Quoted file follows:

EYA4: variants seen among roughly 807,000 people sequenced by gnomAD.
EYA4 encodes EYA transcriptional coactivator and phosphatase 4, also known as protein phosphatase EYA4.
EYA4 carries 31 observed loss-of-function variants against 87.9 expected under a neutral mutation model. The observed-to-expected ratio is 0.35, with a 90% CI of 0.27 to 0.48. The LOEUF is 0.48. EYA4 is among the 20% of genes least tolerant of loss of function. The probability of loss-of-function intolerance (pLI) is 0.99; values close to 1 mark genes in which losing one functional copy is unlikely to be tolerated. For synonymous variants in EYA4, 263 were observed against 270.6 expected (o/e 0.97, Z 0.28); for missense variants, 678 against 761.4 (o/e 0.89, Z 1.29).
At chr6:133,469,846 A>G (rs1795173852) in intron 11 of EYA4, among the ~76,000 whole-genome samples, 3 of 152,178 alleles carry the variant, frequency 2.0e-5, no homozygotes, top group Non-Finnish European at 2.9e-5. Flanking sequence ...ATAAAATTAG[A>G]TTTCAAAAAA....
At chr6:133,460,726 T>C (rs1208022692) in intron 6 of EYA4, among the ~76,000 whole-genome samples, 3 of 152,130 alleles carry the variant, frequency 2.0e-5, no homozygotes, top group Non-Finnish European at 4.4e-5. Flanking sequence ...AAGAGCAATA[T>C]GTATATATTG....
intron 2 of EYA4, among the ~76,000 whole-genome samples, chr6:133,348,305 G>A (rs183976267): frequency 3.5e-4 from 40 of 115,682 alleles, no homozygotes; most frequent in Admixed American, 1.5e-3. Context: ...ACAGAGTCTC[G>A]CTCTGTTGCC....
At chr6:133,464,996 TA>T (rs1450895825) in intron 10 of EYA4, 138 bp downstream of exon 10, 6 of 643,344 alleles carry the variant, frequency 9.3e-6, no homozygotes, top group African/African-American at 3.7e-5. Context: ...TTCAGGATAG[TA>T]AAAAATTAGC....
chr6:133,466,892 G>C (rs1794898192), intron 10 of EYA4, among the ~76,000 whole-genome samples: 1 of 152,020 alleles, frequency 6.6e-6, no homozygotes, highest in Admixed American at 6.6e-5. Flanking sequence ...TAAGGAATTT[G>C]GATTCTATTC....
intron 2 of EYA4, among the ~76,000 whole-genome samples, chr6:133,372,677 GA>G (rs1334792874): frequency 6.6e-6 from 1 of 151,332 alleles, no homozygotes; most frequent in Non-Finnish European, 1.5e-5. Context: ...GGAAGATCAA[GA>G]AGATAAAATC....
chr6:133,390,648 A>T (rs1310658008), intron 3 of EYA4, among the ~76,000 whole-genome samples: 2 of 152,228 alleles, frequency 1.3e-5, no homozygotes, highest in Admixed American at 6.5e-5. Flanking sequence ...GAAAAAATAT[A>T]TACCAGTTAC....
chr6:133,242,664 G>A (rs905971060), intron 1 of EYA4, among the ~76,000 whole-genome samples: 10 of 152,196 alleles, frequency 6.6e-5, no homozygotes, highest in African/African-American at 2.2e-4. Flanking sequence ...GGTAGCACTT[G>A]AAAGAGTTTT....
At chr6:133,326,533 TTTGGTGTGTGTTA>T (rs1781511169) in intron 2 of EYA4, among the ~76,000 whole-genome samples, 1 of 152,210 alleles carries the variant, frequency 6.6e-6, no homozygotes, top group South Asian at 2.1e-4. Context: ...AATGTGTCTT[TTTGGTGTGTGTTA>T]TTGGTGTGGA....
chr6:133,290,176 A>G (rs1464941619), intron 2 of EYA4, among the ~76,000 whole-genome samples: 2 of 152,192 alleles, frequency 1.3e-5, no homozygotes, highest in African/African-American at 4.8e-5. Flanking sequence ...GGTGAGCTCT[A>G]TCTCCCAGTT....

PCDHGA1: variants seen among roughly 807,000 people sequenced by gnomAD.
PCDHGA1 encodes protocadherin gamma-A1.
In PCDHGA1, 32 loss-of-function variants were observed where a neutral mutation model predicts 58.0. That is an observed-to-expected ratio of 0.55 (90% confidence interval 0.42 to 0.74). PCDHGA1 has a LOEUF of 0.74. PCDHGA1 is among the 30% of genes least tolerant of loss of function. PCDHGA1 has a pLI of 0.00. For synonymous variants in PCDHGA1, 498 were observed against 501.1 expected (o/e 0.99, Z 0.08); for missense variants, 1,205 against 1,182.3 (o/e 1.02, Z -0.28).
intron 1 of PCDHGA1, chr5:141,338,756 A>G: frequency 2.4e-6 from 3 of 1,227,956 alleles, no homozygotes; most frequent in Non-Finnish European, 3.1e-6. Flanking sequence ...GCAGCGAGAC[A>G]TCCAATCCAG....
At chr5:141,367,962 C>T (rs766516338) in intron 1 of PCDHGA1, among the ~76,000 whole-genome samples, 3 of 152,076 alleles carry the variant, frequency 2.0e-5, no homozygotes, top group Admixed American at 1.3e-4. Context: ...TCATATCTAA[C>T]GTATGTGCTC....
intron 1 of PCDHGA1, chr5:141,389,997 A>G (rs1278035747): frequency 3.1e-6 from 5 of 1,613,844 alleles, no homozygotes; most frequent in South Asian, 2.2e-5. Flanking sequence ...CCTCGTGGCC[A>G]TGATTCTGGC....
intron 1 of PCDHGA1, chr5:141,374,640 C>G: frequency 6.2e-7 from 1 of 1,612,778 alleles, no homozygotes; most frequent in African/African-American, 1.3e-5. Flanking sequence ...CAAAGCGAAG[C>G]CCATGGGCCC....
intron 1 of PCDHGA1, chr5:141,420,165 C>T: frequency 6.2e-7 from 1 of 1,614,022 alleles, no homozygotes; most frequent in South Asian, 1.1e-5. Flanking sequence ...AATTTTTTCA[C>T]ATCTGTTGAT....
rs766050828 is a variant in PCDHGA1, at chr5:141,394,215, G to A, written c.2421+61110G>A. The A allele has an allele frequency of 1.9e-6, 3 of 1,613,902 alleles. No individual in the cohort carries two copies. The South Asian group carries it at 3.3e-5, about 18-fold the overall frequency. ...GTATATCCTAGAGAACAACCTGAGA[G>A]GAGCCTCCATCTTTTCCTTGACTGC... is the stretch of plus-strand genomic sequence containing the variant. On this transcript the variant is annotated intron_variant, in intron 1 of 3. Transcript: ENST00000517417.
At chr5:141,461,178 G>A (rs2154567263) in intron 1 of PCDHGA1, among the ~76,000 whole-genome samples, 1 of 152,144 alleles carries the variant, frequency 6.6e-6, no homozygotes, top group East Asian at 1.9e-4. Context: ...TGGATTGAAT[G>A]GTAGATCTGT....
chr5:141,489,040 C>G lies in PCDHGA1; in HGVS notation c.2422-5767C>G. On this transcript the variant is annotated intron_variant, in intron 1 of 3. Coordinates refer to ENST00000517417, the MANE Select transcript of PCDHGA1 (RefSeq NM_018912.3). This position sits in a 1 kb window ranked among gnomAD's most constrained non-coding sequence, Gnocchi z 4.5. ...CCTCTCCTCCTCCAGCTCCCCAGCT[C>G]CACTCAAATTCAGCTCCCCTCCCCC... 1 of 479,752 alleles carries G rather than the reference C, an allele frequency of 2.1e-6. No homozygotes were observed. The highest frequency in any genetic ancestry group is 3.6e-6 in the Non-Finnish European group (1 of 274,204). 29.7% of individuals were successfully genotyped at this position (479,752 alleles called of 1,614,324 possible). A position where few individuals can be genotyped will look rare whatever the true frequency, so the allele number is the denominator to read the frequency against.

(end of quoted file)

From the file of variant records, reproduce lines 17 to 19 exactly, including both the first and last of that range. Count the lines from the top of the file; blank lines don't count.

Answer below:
intron 1 of PCDHGA1, chr5:141,338,756 A>G: frequency 2.4e-6 from 3 of 1,227,956 alleles, no homozygotes; most frequent in Non-Finnish European, 3.1e-6. Flanking sequence ...GCAGCGAGAC[A>G]TCCAATCCAG....
At chr5:141,367,962 C>T (rs766516338) in intron 1 of PCDHGA1, among the ~76,000 whole-genome samples, 3 of 152,076 alleles carry the variant, frequency 2.0e-5, no homozygotes, top group Admixed American at 1.3e-4. Context: ...TCATATCTAA[C>T]GTATGTGCTC....
intron 1 of PCDHGA1, chr5:141,389,997 A>G (rs1278035747): frequency 3.1e-6 from 5 of 1,613,844 alleles, no homozygotes; most frequent in South Asian, 2.2e-5. Flanking sequence ...CCTCGTGGCC[A>G]TGATTCTGGC....